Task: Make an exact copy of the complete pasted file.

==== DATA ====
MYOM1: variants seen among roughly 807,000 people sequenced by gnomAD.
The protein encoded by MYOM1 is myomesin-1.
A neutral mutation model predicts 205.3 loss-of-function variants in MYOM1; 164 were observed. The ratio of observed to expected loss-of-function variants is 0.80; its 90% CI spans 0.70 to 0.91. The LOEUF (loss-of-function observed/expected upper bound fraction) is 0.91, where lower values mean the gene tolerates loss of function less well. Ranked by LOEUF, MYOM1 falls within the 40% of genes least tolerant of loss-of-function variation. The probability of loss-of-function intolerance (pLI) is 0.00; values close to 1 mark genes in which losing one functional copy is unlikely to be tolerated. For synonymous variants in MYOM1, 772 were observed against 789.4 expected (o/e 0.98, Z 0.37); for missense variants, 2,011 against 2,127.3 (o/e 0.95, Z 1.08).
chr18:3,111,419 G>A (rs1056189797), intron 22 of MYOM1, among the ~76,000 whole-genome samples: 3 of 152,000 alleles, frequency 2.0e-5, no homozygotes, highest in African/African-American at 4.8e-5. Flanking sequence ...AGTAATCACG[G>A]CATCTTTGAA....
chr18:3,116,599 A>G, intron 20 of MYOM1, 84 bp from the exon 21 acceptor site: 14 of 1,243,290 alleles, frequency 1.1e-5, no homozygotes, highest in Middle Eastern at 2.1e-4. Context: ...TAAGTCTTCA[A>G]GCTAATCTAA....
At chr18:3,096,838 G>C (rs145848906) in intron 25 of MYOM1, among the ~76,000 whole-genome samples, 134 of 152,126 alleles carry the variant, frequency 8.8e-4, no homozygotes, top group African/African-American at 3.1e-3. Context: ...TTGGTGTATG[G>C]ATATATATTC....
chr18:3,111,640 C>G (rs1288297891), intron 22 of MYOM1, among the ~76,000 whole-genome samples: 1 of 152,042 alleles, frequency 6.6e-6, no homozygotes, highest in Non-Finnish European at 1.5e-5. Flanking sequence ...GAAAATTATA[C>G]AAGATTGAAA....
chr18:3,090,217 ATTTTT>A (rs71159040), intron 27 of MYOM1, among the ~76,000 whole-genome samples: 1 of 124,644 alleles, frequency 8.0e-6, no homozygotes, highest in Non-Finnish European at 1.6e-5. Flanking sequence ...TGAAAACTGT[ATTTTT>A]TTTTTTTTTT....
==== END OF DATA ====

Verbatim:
MYOM1: variants seen among roughly 807,000 people sequenced by gnomAD.
The protein encoded by MYOM1 is myomesin-1.
A neutral mutation model predicts 205.3 loss-of-function variants in MYOM1; 164 were observed. The ratio of observed to expected loss-of-function variants is 0.80; its 90% CI spans 0.70 to 0.91. The LOEUF (loss-of-function observed/expected upper bound fraction) is 0.91, where lower values mean the gene tolerates loss of function less well. Ranked by LOEUF, MYOM1 falls within the 40% of genes least tolerant of loss-of-function variation. The probability of loss-of-function intolerance (pLI) is 0.00; values close to 1 mark genes in which losing one functional copy is unlikely to be tolerated. For synonymous variants in MYOM1, 772 were observed against 789.4 expected (o/e 0.98, Z 0.37); for missense variants, 2,011 against 2,127.3 (o/e 0.95, Z 1.08).
chr18:3,111,419 G>A (rs1056189797), intron 22 of MYOM1, among the ~76,000 whole-genome samples: 3 of 152,000 alleles, frequency 2.0e-5, no homozygotes, highest in African/African-American at 4.8e-5. Flanking sequence ...AGTAATCACG[G>A]CATCTTTGAA....
chr18:3,116,599 A>G, intron 20 of MYOM1, 84 bp from the exon 21 acceptor site: 14 of 1,243,290 alleles, frequency 1.1e-5, no homozygotes, highest in Middle Eastern at 2.1e-4. Context: ...TAAGTCTTCA[A>G]GCTAATCTAA....
At chr18:3,096,838 G>C (rs145848906) in intron 25 of MYOM1, among the ~76,000 whole-genome samples, 134 of 152,126 alleles carry the variant, frequency 8.8e-4, no homozygotes, top group African/African-American at 3.1e-3. Context: ...TTGGTGTATG[G>C]ATATATATTC....
chr18:3,111,640 C>G (rs1288297891), intron 22 of MYOM1, among the ~76,000 whole-genome samples: 1 of 152,042 alleles, frequency 6.6e-6, no homozygotes, highest in Non-Finnish European at 1.5e-5. Flanking sequence ...GAAAATTATA[C>G]AAGATTGAAA....
chr18:3,090,217 ATTTTT>A (rs71159040), intron 27 of MYOM1, among the ~76,000 whole-genome samples: 1 of 124,644 alleles, frequency 8.0e-6, no homozygotes, highest in Non-Finnish European at 1.6e-5. Flanking sequence ...TGAAAACTGT[ATTTTT>A]TTTTTTTTTT....